The facts: R.G., a lawyer made public statements about the actions of the Public Prosecutor in 2016 “in which (s)he commented on the hypothetical possibility of his/her client, D.T., (then) President of the European Council [yes, Donald Tusk] being charged with a criminal offence”.   Incensed by this statement, given the Polish government’s bitter resentment of Donald Tusk, the National Prosecutor in July 2017 wrote to the Bar Association to request disciplinary proceedings be instituted against R.G. The Prosecutor complained that these statements “went beyond the limits of an advocate’s freedom of expression, could be construed as unlawful threats, that is, as a criminal offence, and constituted disciplinary misconduct”. The Bar Association’s Disciplinary Spokesperson then investigated the case and has since attempted to dismiss it more than once for lack of any ground. But the Public Prosecutor and the Ministry of Justice have continued to appeal. The Bar Association’s Disciplinary Court is now asking for guidance from Luxembourg as to whether this is a matter of EU law (insofar as the EU Services Directive also applies to the disciplinary liability of advocates), and as to how it should go about its work in a context in which the ultimate appeal instance (the Disciplinary Chamber of the Polish Supreme Court) is no longer impartial and independent in the light of criteria formulated by the European Court of Justice.

Clearly the sweeping strategy of PiS and associates to silence its critics through legal harassment and other tactics needs to be met with an equally if not more determined counterstrategy. That counterstrategy requires constant exposure of the party’s legal and non-legal hounding of its critics, calling publicly on those with influence over PiS to use that influence to stop the harassment, and continuing to make noise until the assaults on freedom of expression cease. 

If we sound like a broken record, it is because – despite numerous requests and attempts to draw their attention to this issue – national and European politicians have so far refused to act on their obligations and have failed to give any attention to these cases or to call on PiS to withdraw them.  If the cases against Wojciech Sadurski continue, and if one of them ends up before the Court of Justice due to the unwillingness of leaders to act or intervene against the harassment, this would represent a real political failure.  Europe needs intellectuals like Sadurski to speak out against what is happening to democracy and constitutionalism in his country, and courageous intellectuals like him deserve to be protected by the EU and by member state governments when they do so.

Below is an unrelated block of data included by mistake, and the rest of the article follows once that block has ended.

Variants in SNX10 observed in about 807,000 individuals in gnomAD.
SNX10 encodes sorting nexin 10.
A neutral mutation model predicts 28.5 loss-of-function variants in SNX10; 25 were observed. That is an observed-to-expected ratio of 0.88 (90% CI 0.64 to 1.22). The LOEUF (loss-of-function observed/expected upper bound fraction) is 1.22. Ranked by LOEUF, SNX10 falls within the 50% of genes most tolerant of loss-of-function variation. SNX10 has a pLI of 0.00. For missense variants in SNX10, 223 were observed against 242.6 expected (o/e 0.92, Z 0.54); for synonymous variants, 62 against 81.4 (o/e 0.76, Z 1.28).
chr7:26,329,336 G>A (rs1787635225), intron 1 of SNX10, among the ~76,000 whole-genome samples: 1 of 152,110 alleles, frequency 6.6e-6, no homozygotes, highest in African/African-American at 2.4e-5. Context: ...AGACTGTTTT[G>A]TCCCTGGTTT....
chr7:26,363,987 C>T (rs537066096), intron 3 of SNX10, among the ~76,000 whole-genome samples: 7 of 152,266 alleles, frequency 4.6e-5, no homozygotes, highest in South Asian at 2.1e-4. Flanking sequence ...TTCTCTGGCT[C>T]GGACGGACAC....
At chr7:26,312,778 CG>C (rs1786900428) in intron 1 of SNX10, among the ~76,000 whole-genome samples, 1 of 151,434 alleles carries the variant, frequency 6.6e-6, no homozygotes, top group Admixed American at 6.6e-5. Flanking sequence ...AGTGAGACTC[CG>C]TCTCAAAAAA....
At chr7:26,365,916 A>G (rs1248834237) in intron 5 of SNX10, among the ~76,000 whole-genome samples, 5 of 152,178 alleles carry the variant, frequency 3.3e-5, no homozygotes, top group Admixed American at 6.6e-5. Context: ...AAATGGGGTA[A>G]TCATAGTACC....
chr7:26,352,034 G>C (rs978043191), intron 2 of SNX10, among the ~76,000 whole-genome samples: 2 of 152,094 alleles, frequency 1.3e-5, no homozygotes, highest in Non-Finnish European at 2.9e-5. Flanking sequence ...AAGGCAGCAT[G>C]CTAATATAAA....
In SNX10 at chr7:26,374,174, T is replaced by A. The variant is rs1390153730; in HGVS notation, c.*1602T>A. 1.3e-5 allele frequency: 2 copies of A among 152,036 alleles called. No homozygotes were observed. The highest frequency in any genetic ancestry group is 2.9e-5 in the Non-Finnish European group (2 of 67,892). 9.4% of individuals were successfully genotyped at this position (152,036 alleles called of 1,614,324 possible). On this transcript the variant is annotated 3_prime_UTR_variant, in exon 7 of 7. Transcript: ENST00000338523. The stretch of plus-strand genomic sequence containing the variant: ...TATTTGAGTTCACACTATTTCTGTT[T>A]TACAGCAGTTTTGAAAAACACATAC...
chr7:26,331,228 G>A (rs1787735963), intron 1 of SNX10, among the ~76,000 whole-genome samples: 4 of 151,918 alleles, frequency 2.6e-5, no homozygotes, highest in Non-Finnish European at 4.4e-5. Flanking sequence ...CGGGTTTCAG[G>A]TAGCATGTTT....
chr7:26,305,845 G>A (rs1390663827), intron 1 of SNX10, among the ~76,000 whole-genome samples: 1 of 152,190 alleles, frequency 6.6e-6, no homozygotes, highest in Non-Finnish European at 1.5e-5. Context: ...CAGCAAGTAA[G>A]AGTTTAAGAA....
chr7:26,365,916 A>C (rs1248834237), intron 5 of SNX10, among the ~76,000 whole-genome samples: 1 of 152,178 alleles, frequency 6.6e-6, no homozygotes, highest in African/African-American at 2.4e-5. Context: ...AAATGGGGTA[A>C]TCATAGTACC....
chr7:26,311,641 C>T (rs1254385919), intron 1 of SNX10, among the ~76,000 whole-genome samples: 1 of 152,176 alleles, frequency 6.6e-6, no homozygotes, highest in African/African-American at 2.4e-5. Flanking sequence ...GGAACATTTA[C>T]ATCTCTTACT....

We renew our public support for Wojciech Sadurski and call on others to renew theirs.  His words are his, but his freedom of expression is also ours. We stand #WithWoj and we ask you to do the same, either by signing below, or by showing you are #WithWoj on social media. 


SUGGESTED CITATION  de Búrca, Gráinne; Morijn, John: Repression of Freedom of Expression in Poland: Renewing support for Wojciech Sadurski, VerfBlog, 2020/6/03, https://verfassungsblog.de/repression-of-freedom-of-expression-in-poland-renewing-support-for-wojciech-sadurski/, DOI: 10.17176/20200604-013506-0.

45 Comments

  1. Faryda Hussein Wed 3 Jun 2020 at 19:49 - Reply

    #withwoj

  2. Ellen Hey Wed 3 Jun 2020 at 20:30 - Reply

    I stand WithWOJ

  3. Anna Sledzinska-Simon Thu 4 Jun 2020 at 10:35 - Reply

    # WithWOJ

  4. Sebastien Platon Thu 4 Jun 2020 at 10:56 - Reply

    I stand with WoJ and for freedom of expression.

  5. Etienne Hanelt Thu 4 Jun 2020 at 16:31 - Reply

    I’m #WithWoj.

  6. Sophie Weerts Thu 4 Jun 2020 at 18:31 - Reply

    I stand #withWoj

  7. Miroslaw Wyrzykowski Thu 4 Jun 2020 at 22:59 - Reply

    I’m with Wojciech Sadurski

  8. Henri de Waele Fri 5 Jun 2020 at 09:27 - Reply

    #withWoj, all the way.

  9. Gabor Halmai Sat 6 Jun 2020 at 08:10 - Reply

    I stand #WithWoj

  10. Jacques Ziller Sat 6 Jun 2020 at 08:39 - Reply

    I obviously continue standing with Wojciech Sadurski and for freedmo of expression.
    If somebody sounds like a broken record it is the PiS and Polish authorities, and certainly not the authors of this post.

  11. Gila Stopler Sat 6 Jun 2020 at 10:15 - Reply

    I stand #WithWoj

  12. Ronald Janse Sat 6 Jun 2020 at 11:03 - Reply

    WithWoj

  13. Lukasz Gruszczynski Mon 8 Jun 2020 at 00:14 - Reply

    I am also with Wojtek!

  14. Sara Poli Mon 8 Jun 2020 at 18:41 - Reply

    I stand WithWOJ

  15. Marie-Claire Ponthoreau Prof. Constitutional Law and Comparative law Wed 10 Jun 2020 at 15:17 - Reply

    I’m with Wojtek for academic freedom